A screenshot from a video from 2015 that shows an "unknown aerial phenomenon".
For years, UFO enthusiasts have been excitedly sharing three videos shot by US Navy pilots showing unknown aerial phenomena. The videos, recorded in November 2004 and twice in January 2015, were publicly released a few years after they were recorded. They have been published on the History Channel and elsewhere.
On Monday, the U.S. Department of Defense decided to officially release the three videos that can be downloaded here. Prior to the release of the Historical Navy Videos, the military determined that each did not reveal "sensitive capabilities or systems" and would not "affect later investigations into military airspace intrusions" by unidentified objects.
"DOD publishes the videos to address any public misunderstandings as to whether the film in circulation was genuine or whether the video contained more or not," the statement said. "The aerial phenomena observed in the videos remain characterized as & # 39; unidentified & # 39 ;."
Nimitz Video, 2004.
The videos themselves are fascinating, but far from conclusive. Two of them contain audio from pilots expressing their surprise, such as "Look at that thing, dude." "Gosh," says a pilot. "You go against the wind. The wind is 120 knots."
The first video that pilots of the USS Nimitz encountered off the California coast in 2004 contains no audio.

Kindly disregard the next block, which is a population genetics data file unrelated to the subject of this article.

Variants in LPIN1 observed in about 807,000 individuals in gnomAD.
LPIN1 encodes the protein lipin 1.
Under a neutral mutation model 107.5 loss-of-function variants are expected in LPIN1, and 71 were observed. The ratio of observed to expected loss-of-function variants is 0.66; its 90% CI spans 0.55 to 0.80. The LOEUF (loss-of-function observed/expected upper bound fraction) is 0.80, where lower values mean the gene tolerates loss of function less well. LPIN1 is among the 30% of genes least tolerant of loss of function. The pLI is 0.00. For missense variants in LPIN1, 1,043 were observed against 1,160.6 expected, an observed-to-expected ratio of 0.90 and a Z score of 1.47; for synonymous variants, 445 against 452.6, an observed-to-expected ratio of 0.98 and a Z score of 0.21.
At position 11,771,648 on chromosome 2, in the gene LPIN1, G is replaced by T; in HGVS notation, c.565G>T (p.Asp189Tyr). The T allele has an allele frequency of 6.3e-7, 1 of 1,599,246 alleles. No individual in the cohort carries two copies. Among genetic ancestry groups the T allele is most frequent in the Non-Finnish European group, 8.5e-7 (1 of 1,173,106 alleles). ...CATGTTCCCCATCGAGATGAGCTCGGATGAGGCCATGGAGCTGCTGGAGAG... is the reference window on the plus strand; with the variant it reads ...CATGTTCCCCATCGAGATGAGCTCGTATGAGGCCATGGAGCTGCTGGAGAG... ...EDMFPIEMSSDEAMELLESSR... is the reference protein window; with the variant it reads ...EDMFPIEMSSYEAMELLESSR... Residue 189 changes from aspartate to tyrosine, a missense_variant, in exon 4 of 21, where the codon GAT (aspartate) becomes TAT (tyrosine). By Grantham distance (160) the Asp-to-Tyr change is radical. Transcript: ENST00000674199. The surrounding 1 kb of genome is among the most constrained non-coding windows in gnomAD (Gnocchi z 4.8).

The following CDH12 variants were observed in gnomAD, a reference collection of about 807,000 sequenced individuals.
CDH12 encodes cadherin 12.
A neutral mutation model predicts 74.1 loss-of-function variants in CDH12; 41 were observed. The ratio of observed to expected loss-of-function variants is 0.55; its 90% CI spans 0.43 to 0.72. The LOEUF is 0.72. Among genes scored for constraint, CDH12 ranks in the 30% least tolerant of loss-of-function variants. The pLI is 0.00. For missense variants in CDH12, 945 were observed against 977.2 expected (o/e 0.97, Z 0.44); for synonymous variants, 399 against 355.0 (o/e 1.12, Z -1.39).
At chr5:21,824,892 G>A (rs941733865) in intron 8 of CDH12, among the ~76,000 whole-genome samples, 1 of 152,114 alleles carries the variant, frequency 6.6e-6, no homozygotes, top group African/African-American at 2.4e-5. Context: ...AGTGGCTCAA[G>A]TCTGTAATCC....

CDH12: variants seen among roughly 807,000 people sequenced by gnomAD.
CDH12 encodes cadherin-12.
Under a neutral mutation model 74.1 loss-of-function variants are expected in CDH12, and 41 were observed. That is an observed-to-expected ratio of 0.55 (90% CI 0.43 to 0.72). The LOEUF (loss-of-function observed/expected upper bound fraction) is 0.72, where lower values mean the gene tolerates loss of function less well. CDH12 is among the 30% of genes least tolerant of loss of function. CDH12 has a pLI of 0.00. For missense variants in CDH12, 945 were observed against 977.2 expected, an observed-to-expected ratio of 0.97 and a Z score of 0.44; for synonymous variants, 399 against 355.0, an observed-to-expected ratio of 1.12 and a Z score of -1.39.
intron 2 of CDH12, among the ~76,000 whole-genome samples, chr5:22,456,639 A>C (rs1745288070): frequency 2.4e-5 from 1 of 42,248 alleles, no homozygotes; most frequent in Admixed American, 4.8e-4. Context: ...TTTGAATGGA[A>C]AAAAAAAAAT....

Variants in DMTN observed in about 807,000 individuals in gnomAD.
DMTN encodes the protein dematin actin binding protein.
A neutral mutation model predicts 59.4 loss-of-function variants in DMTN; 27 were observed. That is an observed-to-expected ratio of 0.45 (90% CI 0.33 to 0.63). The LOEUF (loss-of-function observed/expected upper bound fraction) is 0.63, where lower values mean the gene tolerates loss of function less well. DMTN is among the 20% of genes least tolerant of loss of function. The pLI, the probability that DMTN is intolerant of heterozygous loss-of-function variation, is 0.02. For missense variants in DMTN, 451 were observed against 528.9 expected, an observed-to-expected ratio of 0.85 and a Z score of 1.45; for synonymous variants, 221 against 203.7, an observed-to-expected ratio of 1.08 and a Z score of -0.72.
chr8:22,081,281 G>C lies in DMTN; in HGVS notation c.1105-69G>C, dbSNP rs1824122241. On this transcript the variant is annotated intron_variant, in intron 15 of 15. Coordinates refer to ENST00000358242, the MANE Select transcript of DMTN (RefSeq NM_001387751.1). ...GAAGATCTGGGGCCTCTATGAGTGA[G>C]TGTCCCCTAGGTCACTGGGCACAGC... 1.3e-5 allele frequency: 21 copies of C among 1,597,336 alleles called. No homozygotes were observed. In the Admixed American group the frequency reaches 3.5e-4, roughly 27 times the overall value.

Go Fast Video, 2015.
These releases are in the midst of a revival of public interest in UFOs after it became known in 2017 that the U.S. government spent $ 22 million from 2007 to 2012 on investigating unresolved aerial phenomena as part of the Advanced Aerospace Threat Identification Program. The work of the program remains cloudy, with no definitive conclusions. A February article from Popular Mechanics provides a good overview of the Pentagon's secret UFO program.
Gimbal video, 2015.
It is not clear whether the publication of these videos will stimulate more federal funding for UFO studies. The videos are certainly interesting – but they don't reveal any new evidence since they were already widely available. People who want to believe in aliens among us will continue to believe. Those of us who want to see more evidence will likely continue to wait.